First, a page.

Korean War: Counter Attack
By Mike Bennighof, Ph.D.
A while back, designer Jay Townsend submitted a massive Korean War opus for Panzer Grenadier: three boxed games and a book supplement, adding up to an even 200 scenarios. We published the first of the boxed games, Pusan Perimeter, in 2014 and will bring out the second, Counter Attack, in 2015.
Pusan Perimeter focused on the initial North Korean attack across the 38th Parallel in June 1950, and covered the fighting as South Korean and American forces were pushed back into the bridgehead in southeastern Korea known as the Pusan Perimeter. There are 48 scenarios in Pusan Perimeter, and they include all of the major actions from the first attacks across the demilitarized zone to the retreat behind the Naktong River in early August 1950.
Counter Attack picks up where Pusan Perimeter left off, with the American counter attack at Chinju in August 1950, a few days after the retreat across the Naktong. By the second scenario the North Koreans have to face the war’s newest participant: the United States Marine Corps. The fighting swings back and forth through the middle of August and is pretty intense all along the line (multiple scenarios per day, in Panzer Grenadier terms).
The fighting rages into September, now with both sides attacking and a new force entering the fray, the British Army. The North Koreans make one final attempt to crack the United Nations lines around Pusan with their Great Naktong Offensive, but their starving and ragged troops are at the end of their endurance and are eventually pushed back despite their great valor.
The landings at Inchon come next, fully explored in Panzer Grenadier format with all the finely-honed techniques of amphibious warfare mastered by the U.S. Navy and Marines in the Pacific. The Marines come ashore in LVT’s and LCVP’s, backed by Sherman tanks with bulldozer blades and flamethrowers, plus Marine M26 Pershing tanks.
Back on the Pusan Perimeter, the United Nations forces there – British Army, U.S. Army, and ROK Army – began an offensive as well, expecting the North Koreans to fall back after the Inchon landings and recapture of Seoul. The North Koreans responded with bitter resistance, and about half of their forces holding the Perimeter line were killed or captured.
The scenarios wrap up with the fall of the North Korean capital Pyongyang, and the parachute landing by the 187th north of the capital that attempted to cut off the retreating North Koreans. They did manage to stop some of them, but not all, and the North Koreans would regroup on the opposite side of the Yalu River, the border between North Korea and China, to return in a few weeks along with a few hundred thousand of their new friends. But that’s a story for another game.
Counter Attack, much like Pusan Perimeter before it, uses the standard Panzer Grenadier Fourth Edition rules with only minimal adjustments (no more than the typical series game; in this case the special rules include helicopters, parachute landings, bulldozer tanks, bazooka teams and recoilless rifles). It has four new maps and, like Pusan Perimeter, all of them are river boards (Korea has a lot of rivers). There’s also a coastal board (including a river), so those Marines can storm ashore at Inchon. In a new twist, one of the boards has a steep river gorge. All are of course fully compatible with maps from other Panzer Grenadier games (plus those from Panzer Grenadier (Modern) and Infantry Attacks).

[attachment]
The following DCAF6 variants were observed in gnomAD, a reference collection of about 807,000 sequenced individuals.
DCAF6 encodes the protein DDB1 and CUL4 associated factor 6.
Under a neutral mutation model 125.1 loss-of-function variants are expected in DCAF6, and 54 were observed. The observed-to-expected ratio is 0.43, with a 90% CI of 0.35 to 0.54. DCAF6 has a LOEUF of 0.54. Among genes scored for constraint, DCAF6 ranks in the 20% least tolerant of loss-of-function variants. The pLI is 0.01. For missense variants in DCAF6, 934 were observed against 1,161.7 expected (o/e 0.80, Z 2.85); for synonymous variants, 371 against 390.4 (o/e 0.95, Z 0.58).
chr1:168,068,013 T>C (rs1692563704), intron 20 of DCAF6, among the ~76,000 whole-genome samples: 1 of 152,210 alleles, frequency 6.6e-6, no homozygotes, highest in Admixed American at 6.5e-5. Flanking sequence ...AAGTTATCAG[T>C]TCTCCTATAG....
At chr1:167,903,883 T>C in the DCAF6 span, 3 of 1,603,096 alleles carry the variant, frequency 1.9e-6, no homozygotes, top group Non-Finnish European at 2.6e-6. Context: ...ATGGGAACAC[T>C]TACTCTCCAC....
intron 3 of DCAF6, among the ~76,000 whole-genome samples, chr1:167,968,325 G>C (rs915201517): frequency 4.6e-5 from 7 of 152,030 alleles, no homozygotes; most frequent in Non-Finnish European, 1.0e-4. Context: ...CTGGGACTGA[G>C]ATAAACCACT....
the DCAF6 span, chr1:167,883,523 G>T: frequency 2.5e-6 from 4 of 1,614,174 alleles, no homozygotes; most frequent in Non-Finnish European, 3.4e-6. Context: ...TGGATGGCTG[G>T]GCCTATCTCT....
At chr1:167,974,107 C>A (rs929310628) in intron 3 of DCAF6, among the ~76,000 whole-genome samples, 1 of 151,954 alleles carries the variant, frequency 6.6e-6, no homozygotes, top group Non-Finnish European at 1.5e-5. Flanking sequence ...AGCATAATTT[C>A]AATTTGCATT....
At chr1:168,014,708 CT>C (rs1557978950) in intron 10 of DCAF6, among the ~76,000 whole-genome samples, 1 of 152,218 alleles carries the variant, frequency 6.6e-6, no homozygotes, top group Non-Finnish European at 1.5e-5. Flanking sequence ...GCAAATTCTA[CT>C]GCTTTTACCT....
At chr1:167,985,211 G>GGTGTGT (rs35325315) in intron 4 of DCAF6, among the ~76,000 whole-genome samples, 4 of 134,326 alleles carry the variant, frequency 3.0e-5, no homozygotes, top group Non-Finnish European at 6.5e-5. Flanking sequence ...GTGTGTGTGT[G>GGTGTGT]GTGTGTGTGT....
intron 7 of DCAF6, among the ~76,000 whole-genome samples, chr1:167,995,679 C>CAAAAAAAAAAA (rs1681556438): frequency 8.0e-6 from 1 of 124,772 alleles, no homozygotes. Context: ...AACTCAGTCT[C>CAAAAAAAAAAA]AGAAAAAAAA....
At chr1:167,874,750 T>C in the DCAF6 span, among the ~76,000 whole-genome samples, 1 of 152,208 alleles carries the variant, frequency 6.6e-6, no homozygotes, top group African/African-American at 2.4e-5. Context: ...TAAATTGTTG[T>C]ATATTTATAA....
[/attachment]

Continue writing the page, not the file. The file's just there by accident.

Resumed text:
The U.S. Army is back, somewhat improved in quality, with its Pershing tanks and even a couple of M46 Pattons, a much-improved version of the Pershing with a more powerful gun, better armor and better speed. The North Korean T34/85 tanks that blew apart the hapless Shermans of Pusan Perimeter are no match for this armored beast.
The U.S. Marines also have M26 Pershings, and for the first time in Panzer Grenadier they get M3 halftracks of their own in which to ride into battle. The Marines have better intrinsic firepower than the Army, but they don’t get the awesome M46. Even so, it's going to be really tempting to put together some Iron Curtain scenarios for these Marines.
Both Army and Marines do each get a helicopter. These are very early helicopters: a Sikorsky H5 “Eggbeater” for the Marines, and a Bell H13 “Sioux” (also known as the Bell 47, or “the M*A*S*H helicopter”) for the Army. They have no weapons; they can only spot for artillery or naval gunfire. And since American artillery has the VT fuse, that sort of spotting ability can be deadly. But helicopters make games cooler: this is scientifically proven.
The British contingent is not large, but it is feisty. The Brits bring no armor in this game, just hard-fighting infantry. Likewise, the ROK Army (the South Koreans) have no tanks of their own, and are little different from Pusan Perimeter. They play a smaller role in this game than in the first volume, but many of the “American” units have been fleshed out by KATUSAs (“Korean Augmentation To U.S. Army” – Korean conscripts added directly to American infantry squads).
The North Koreans are about the same as they were in Pusan Perimeter, but their infantry is better-armed now. The T-34/85 still outclasses the Sherman, but now there are better American tanks on the battlefield.
Pusan Perimeter has been a popular game, but I think I like this one better. After all, it has helicopters, which are almost as cool as elephants. But it also has a lot of intense scenarios, and a wide variety of units. You’re going to like this game.
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Mike Bennighof is president of Avalanche Press and holds a doctorate in history from Emory University. A Fulbright Scholar and award-winning journalist, he has published over 100 books, games and articles on historical subjects.
He lives in Birmingham, Alabama with his wife, three children and his dog, Leopold. Leopold is a good dog.